We have thus entered a new era of history in this regard. This doesn’t mean a return to the high-conflict, conventional or terrorist war period of the 1967-1992 period but rather something new. That most likely will be a time in which there is much hand-wringing, attempts to revive hope, continued talk of missed opportunities, and placing of blame. In fact, though, nothing much is really going to happen.
Both Israelis and Palestinians are now largely spectators watching the great battle for power within the Arabic-speaking world, a situation in which Iran and Turkey are also increasingly irrelevant. Here is the central question, whose answer we won’t know for several years but whose scenarios we better prepare for:
Will Islamist regimes in Egypt, Lebanon, Syria, and Tunisia, put the main priority on direct battle with Israel or will they place a long-term focus on the relatively lower-cost efforts to consolidate power at home, repress their own people, transform their own societies, and try to subvert the remaining non-Islamist regimes?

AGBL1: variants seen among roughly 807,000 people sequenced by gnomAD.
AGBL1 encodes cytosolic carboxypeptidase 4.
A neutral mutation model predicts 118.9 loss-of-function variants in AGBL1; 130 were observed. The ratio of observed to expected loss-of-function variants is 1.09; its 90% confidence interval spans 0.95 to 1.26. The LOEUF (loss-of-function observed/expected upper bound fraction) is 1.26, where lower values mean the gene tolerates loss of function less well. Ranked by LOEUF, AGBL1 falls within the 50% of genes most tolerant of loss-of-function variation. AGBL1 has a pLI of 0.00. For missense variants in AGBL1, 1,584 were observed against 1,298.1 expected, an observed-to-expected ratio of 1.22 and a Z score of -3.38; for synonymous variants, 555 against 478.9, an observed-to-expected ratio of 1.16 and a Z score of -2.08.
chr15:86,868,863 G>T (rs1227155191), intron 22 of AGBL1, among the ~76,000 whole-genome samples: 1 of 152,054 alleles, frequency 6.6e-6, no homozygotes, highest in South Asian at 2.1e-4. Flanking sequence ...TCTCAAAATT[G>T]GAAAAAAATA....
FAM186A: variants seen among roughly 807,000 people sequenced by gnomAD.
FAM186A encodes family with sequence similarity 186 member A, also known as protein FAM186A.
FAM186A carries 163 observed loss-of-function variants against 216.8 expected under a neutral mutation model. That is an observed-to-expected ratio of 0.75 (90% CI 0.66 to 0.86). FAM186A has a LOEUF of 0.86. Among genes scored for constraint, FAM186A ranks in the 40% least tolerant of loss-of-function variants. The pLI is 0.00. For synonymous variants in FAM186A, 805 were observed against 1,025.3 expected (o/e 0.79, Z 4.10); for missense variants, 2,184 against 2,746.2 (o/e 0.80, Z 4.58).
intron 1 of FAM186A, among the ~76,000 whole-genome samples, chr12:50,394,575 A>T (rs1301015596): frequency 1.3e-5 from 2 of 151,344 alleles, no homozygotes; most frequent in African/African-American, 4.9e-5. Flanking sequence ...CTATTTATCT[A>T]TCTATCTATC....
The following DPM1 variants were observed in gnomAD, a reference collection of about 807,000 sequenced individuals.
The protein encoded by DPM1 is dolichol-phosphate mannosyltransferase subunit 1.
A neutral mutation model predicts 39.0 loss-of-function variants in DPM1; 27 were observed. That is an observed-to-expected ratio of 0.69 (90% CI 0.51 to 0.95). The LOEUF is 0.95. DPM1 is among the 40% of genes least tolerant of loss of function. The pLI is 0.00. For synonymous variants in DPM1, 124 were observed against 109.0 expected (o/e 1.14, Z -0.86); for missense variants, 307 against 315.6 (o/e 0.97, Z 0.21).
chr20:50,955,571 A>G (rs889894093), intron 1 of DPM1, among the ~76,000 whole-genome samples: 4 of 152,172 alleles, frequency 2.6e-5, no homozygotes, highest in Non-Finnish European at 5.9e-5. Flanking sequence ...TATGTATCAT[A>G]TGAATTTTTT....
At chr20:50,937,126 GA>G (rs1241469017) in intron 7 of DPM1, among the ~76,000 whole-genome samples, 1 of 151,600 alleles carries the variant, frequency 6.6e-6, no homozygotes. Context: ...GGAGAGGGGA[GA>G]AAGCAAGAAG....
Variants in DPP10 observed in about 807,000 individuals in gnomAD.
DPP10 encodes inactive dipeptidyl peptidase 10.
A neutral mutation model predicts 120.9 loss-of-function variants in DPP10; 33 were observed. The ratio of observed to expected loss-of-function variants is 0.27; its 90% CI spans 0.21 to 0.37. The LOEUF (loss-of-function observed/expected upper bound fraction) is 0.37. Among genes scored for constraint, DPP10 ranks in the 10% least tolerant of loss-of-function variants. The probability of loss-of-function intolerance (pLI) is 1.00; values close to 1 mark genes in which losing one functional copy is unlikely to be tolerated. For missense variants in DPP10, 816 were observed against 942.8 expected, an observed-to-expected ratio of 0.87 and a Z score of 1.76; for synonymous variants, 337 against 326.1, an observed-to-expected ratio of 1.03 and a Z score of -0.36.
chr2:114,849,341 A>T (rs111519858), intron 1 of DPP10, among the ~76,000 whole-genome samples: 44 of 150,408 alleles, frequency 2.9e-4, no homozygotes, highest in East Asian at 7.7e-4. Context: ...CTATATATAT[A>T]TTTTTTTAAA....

Their ideology and rhetoric indicate they will come after Israel, but that is not in itself an answer. How soon will they make this switch or will their aggression remain mere talk? How much risk will they take and resources will they spend? How effectively will they work together? And how much, if any, effort will they put into helping Hamas take over the PA?
As for the PA itself, it might well remember the words of Bob Dylan explaining, “There’s no success like failure/And failure’s no success at all.”
Barry Rubin is director of the Global Research in International Affairs (GLORIA) Center and editor of the Middle East Review of International Affairs (MERIA) Journal. His latest book, “Israel: An Introduction“, has just been published by Yale University Press. Other recent books include “The Israel-Arab Reader” (seventh edition), “The Long War for Freedom: The Arab Struggle for Democracy in the Middle East” (Wiley), and “The Truth About Syria” (Palgrave-Macmillan). The website of the GLORIA Center and of his blog, Rubin Reports. His original articles are published at PJMedia.